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In addition to a business’s traditional revenue streams (e.g., sales, services, and advertising), a value-added reseller (VAR) can represent a valuable additional source of income.
VARs are companies or individual contractors who purchase products from manufacturers or other vendors, then add features (such as installation, customization, and technical support) before selling the finished product to customers.
What is a Value-Added Reseller?
A value-added reseller (VAR) is essentially a middleman who buys products from vendors and resells them to customers. From there, the reseller takes care of the business operations and customer relations so that the vendor doesn’t have to.
The value-added aspect of the process means that the reseller adds additional features or services to the product before selling it to the end user. This could include installation, customization, technical support, training, or any other value-adding service that the customer needs.
This business model is popular in business-to-business (B2B) technology service companies, where a VAR can represent an additional revenue stream for both the vendor and the customer. By providing services that the vendor doesn’t offer (or not offering them as efficiently), VARs can fill gaps in the market and benefit parties on both sides of the transaction.
VARs are also becoming increasingly popular in business-to-consumer (B2C) settings, where customers may appreciate the convenience of having a single point of contact for all their product needs.
- VAR – The abbreviation for the term “value-added reseller.”
- White Labeling – VARs may also purchase products from a manufacturer and then “white label” them, which means they relabel the item with their own branding or logo.
- Reseller Partner – A term used to describe the relationship between a VAR and the manufacturer or other vendor that supplies them with products.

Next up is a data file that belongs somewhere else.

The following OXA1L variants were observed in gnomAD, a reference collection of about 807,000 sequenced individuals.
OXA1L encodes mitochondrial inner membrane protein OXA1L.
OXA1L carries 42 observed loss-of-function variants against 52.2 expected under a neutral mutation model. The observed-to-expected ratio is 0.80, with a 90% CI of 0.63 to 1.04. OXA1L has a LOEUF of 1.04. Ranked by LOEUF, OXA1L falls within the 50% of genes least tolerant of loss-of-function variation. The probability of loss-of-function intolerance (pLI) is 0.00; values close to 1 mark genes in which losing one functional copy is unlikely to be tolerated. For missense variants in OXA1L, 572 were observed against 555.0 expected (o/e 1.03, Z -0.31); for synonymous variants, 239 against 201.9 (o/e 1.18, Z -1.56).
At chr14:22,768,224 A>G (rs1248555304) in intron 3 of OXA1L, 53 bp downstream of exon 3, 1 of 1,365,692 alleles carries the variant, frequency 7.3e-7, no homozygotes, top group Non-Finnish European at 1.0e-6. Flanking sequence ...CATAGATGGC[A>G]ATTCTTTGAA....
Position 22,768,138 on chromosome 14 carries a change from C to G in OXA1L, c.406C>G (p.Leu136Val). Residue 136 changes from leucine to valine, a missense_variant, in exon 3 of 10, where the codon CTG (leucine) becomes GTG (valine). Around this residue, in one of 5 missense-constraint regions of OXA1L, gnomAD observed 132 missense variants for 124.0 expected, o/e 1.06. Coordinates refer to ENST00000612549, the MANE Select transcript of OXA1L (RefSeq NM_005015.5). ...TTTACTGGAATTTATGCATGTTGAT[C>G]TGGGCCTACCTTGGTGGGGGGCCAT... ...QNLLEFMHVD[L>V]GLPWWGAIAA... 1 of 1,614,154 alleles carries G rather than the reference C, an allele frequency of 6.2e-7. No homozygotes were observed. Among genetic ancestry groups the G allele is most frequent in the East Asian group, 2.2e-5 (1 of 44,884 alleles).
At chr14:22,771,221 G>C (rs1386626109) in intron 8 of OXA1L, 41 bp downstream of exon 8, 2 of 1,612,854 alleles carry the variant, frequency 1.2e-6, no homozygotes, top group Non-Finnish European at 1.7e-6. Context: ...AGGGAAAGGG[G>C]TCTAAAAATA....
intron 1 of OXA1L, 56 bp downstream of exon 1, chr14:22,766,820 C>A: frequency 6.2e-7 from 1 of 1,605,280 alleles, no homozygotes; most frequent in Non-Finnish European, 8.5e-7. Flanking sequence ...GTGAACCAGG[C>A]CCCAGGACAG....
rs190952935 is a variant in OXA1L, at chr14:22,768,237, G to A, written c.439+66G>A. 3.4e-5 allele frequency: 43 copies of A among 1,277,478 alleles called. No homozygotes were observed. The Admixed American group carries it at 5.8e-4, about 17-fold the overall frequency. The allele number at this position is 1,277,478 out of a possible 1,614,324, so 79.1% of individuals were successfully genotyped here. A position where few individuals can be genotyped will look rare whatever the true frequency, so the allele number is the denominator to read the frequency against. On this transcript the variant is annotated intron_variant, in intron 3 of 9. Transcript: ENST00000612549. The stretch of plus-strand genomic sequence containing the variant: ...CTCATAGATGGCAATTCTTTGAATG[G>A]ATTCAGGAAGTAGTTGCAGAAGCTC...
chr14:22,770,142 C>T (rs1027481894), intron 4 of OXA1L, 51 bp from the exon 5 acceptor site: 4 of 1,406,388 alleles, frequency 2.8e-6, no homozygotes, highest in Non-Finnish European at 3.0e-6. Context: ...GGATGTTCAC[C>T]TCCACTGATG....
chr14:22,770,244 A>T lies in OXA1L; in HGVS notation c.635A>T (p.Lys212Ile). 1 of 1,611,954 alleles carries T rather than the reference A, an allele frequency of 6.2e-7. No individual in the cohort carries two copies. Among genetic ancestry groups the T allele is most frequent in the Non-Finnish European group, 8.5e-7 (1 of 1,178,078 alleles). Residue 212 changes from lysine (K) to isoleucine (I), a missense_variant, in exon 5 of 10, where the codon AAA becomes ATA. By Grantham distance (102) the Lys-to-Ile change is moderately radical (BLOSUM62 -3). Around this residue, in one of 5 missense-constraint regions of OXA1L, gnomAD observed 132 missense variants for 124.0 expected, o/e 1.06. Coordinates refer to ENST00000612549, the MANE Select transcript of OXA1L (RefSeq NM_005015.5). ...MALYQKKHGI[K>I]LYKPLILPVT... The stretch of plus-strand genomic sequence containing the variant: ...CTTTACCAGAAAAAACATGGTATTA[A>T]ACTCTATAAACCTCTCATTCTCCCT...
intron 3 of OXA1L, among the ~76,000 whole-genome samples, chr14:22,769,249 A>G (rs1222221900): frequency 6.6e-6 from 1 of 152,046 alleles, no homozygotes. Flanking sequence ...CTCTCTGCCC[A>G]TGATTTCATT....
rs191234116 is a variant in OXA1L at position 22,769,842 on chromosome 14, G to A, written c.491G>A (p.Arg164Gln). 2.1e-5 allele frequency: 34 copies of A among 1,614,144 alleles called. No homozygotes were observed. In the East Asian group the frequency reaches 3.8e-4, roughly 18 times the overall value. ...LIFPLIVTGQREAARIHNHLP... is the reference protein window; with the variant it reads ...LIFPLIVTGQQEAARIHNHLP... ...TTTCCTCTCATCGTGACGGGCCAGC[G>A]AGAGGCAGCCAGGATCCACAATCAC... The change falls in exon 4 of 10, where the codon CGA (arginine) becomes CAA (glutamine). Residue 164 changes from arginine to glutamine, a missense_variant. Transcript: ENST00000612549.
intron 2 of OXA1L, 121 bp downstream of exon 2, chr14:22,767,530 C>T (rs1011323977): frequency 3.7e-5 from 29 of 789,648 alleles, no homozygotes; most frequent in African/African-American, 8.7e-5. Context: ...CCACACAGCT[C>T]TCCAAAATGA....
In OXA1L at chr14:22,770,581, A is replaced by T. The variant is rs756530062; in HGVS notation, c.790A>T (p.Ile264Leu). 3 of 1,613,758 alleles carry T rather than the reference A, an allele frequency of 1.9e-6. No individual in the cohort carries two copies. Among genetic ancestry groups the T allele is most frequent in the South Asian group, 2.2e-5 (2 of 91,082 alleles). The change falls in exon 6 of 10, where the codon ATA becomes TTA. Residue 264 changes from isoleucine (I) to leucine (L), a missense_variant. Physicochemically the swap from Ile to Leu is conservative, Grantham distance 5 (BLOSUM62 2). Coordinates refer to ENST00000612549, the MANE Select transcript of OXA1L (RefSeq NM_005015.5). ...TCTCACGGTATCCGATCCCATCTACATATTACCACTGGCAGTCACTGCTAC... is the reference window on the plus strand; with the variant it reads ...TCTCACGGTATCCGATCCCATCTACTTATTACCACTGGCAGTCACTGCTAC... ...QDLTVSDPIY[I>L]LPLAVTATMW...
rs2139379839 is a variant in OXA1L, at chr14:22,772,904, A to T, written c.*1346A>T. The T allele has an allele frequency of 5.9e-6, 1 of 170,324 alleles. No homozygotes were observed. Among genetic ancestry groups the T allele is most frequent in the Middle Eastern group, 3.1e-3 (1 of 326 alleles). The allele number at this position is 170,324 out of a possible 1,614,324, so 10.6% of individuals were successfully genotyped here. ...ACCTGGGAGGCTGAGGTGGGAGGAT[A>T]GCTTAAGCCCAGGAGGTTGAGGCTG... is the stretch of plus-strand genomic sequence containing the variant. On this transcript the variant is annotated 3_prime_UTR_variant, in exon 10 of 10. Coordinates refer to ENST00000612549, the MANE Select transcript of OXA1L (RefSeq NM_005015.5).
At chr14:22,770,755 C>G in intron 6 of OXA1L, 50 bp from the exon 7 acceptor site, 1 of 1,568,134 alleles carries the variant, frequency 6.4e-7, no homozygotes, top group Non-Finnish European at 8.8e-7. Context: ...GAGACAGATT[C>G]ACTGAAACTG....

The Value-Added Reseller Business Model
Because VARs add features or services to the product before selling it, they can charge a premium for their services.
There are two ways to be a VAR:
- Value-Added Services: In this business model, the VAR provides additional professional services to the customer (such as installation, customization, or technical support). The customer may be willing to pay a premium for these services in addition to white-labeled services from the original vendor.
- Value-Added Products: A VAR may also purchase products from a vendor, then add features or components to the product before selling it. This could include additional software, hardware, accessories, or anything else that enhances the original item’s value.
This business model works well when there is a clear demand in the market for specialized products and services that manufacturers may not be able to provide quickly or economically. It also allows vendors to leverage existing sales channels without investing in creating their own.
VARs may also offer additional services such as marketing support, system integration, ongoing maintenance, and training. This can be a great way to differentiate themselves from competitors and add further value to customers.
Understanding How Value-Added Resellers Work
Selling third-party products as a VAR can effectively leverage existing relationships and provide customers with specialized products. As long as the added value is clear, it can be a great way for businesses to increase revenue streams and differentiate themselves in their markets.
Simply put, the value-added reseller model works as follows:
- A VAR purchases products from a vendor for a predetermined price (typically lower than retail), then customizes and re-sells them to customers.
- Usually, the VAR takes on the responsibility of providing additional services such as order fulfillment, installation, customization, training, and support that may not be available directly from the manufacturer. By taking on these responsibilities, the VAR can offer their customers an enhanced product.
- In return for their services, the VAR charges a premium price that allows them to make a profit.
- The end result is a win-win situation for both vendors and customers.
The bottom line is that value-added resellers can provide great benefits to businesses who are looking to add new sources of income and increase their customer
Advantages of Working With VARs
For both the vendor and the customer, there are many advantages to working with VARs: